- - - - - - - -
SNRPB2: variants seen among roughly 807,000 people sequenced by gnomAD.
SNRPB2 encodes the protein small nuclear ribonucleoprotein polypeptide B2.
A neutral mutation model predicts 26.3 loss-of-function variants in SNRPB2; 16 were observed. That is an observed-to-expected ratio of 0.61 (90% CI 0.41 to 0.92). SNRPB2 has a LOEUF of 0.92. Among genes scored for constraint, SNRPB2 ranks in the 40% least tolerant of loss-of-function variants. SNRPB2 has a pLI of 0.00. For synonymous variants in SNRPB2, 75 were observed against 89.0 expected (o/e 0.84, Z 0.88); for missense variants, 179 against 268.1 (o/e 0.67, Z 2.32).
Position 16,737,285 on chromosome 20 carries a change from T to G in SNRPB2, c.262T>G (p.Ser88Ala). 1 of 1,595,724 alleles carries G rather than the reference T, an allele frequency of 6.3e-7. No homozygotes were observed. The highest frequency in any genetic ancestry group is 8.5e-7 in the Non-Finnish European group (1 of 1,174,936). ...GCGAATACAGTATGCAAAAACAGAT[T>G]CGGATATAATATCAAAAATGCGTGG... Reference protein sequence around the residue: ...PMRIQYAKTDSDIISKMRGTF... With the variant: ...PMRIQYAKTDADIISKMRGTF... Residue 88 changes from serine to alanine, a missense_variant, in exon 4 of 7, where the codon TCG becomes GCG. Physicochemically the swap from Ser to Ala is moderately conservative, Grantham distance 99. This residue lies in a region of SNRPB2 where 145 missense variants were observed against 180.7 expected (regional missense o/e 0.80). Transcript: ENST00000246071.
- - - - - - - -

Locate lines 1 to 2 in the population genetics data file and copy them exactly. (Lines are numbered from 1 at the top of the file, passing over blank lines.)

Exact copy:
SNRPB2: variants seen among roughly 807,000 people sequenced by gnomAD.
SNRPB2 encodes the protein small nuclear ribonucleoprotein polypeptide B2.